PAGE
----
And most unexpectedly, I was impressed. For a start, there was no sport, which was great. It was also uniquely British – no other country would choose to celebrate the things that Danny Boyle chose, and I like that. It was a good show. And most unexpectedly, there was humour. These sorts of things are usually super-serious, nothing but pomp and ceremony, and viewers usually find the humour in it by pricking that pomposity. But the inclusion of the excellent Mr Bean sketch, and the Queen’s parachuting were completely unexpected, and did a brilliant job of lightening the mood and making it less pompous. A great move, and very daring! And full marks to the Queen for joining in.

But the things that impressed me most were actually towards the end. The choice of people who carried in the Olympic flag was remarkable – when I heard the name Doreen Lawrence, I was really surprised. But I loved that the opportunity was taken to acknowledge people who are actually making the world a better place, as opposed to the Olympics, which is meant to be about that, but isn’t really. We could argue all day about who was or wasn’t worthy of it (probably about Shami Chakrabati), but it was a great idea, and I loved it. And then the inclusion of Mohammed Ali, a man once so great, but now unable to stand on his own, speak, or even smile for the event. The Olympics is all about stronger, faster and higher, but those things are fleeting, and I found Ali’s inclusion a poignant reminder of mortality.

And then I loved the fact that Danny outfoxed all of the bookies by using a group of young athletes to light the flame, rather than any of the famous names from the past. It was nice to beat the media, and do something that no-one expected. And the cauldron was a very nice piece of art itself.

I will of course admit that I didn’t watch all of it – the parade of the nations was more interesting than I had expected, but I still did some wandering in and out at that stage. But I did watch most of it.

So good work Danny, an unexpected pleasure!

The bicycle quest

July 27th, 2012

I’ve been riding my bike to work for quite a while now. Ever since I started working for BT lots of years ago, I’ve walked to work. But last year I worked out that cycling wasn’t that scary, it got me into work a whole lot quicker, it’s kind of fun, and it’s a bit healthy.

So I have been riding my mountain bike into work. That bike is 6 or 7 years old,  it’s got over five and a half thousand miles on it, and it’s showing its age a bit. So I decided it was time to upgrade and get a new bike. Since my last bike cost me about 150 quid , I thought it wouldn’t be too difficult to improve on it.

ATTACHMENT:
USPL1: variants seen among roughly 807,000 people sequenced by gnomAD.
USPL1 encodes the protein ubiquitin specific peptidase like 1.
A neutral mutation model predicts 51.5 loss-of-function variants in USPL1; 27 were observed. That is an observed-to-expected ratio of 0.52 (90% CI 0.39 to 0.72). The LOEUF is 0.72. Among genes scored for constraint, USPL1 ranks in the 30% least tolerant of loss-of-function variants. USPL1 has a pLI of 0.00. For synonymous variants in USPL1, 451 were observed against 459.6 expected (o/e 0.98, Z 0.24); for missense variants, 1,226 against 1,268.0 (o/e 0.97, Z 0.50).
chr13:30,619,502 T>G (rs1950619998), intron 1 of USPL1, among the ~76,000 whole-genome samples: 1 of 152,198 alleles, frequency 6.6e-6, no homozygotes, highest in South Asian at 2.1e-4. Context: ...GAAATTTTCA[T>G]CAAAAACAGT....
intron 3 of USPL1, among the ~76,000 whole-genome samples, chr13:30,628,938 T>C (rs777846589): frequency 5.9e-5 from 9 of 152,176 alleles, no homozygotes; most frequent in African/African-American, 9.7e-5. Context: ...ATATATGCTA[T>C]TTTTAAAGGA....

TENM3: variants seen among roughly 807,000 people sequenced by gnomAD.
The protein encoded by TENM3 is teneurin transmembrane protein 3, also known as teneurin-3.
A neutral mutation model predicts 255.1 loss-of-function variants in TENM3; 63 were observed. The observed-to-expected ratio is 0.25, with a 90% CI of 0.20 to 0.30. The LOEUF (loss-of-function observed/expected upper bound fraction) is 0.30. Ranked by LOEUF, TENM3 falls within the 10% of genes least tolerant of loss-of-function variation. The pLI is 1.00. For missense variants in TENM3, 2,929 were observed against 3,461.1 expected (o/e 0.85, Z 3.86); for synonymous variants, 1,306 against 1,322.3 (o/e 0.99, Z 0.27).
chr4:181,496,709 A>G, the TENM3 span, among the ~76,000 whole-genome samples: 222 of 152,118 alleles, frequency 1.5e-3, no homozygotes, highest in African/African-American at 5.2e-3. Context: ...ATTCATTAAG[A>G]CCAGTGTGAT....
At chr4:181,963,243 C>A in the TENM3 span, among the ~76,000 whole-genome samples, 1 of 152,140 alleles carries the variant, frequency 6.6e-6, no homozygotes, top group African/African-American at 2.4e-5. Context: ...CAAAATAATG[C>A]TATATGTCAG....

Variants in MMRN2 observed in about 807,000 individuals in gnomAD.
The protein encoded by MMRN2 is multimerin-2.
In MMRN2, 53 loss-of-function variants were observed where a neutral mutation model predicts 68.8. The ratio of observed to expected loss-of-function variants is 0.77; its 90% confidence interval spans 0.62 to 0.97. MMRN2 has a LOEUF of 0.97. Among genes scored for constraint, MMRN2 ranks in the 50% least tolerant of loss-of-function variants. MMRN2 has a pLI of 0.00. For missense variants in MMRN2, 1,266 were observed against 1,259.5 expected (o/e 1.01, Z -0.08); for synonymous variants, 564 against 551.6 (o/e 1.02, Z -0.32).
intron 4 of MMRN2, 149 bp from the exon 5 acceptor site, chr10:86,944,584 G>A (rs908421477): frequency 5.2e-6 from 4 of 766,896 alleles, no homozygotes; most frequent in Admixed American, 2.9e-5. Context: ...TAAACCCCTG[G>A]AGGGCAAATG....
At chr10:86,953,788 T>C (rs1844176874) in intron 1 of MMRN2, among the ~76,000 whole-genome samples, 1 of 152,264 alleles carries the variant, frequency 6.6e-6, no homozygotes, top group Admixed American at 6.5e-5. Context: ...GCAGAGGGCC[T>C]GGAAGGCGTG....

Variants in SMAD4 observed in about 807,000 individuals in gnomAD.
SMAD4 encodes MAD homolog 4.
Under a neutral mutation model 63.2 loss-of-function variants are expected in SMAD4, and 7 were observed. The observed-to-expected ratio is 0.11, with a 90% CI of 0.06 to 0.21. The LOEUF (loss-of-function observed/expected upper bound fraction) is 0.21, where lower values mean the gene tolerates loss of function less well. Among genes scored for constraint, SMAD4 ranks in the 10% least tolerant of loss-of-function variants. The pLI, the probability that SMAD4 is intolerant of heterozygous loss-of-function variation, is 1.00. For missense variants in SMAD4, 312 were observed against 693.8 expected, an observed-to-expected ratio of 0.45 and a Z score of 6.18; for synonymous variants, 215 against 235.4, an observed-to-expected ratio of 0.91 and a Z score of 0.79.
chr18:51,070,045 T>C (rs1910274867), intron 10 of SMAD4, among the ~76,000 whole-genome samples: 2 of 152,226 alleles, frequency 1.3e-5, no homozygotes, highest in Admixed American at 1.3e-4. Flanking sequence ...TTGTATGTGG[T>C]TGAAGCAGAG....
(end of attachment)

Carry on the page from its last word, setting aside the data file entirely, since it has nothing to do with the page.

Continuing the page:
But it’s been a tricky business. The one thing that I knew I wanted were disk brakes, since much of my cycling is done in the rain, and disk brakes should have a bit more stopping power since they are in the middle of the wheel and out of the puddles. So off I went looking at bikes. I quickly got a feel for how the components improve as you spend more money. And I quickly discovered that the disk brakes add a lot to the cost.

After a fair bit of looking around all the local bike shops, I very nearly bought a bike a couple of weeks ago, but it was a bit more expensive than I had expected, and to be honest I didn’t like the colour (dark red). When I went back 2 days later, the last one had been sold earlier that morning. So I have been back round the bike shops a few times, and spent a lot of time looking at them on the internet. I very nearly bought one online at the start  of the week, but I didn’t really want to buy one over the internet – I wanted to sit on it, and have a bit of a ride on it, and be able to take it back to the shop if bits fell off!

And finally today I found one I like, and put down a deposit on it. The picture isn’t of my actual bike, as I have to wait for a fresh delivery, but it’s the one I had a ride on to try it out.

So it’s a Specialized Hard Rock Sport (2013 edition no less), from McConvey Cycles just down the road.

I’m all pleased :)

Musical News

July 13th, 2012

Two pieces of musical news today, one from the radio, and one from my ipod.

On shuffle while I was out cycling today I heard “Over There” by Glenn Miller and his orchestra. You can imagine my surprise when I immediately recognised it as that curse of the airwaves, the Go Compare tune (and no, I am not putting a link to the go compare tune in my blog! Just turn on your tv, and leave it for a few minutes and you’ll find it yourself). So for anyone who has found themselves whistling or humming that tune accidentally, this is excellent news – it has a more civilised pedigree that you might expect, and your actually humming a Glenn Miller tune!

The other musical news is that the Beach Boys classic “Sloop John B” has become a marching tune on the twelfth! They played a clip of it on Talkback, and then Wendy Austin helpfully explained that this was not simply a marching band expanding their repertoire in an unusual direction, but was in fact deeply offensive. I was hugely disappointed, as I would have liked to hear them tackle Good Vibrations or Barbara Ann (though of course flute bands always suffer from not having enough bass which wouldn’t help in the harmonies). I was hoping the story behind this would be that the Beach Boys had accidentally picked a folk tune which also had loyalist lyrics, but it turns out not to be the case. Apparently the Beach Boys did get there first, and then someone did a re-write on their lyrics. If you don’t believe me, you can hear it here.
Such a shame.

In other non-musical news, the weather has been unexpectedly good, and I got to cycle yesterday and today. Today I made it to the International Airport and back, which was a stupid idea, and I was knackered long before home. But on the bright side I did get to stop for Maud’s ice cream in Templepatrick, which was just what I needed. And another stop at the Indian takeaway down the street to refuel when I got home. 40 miles – a good afternoon out!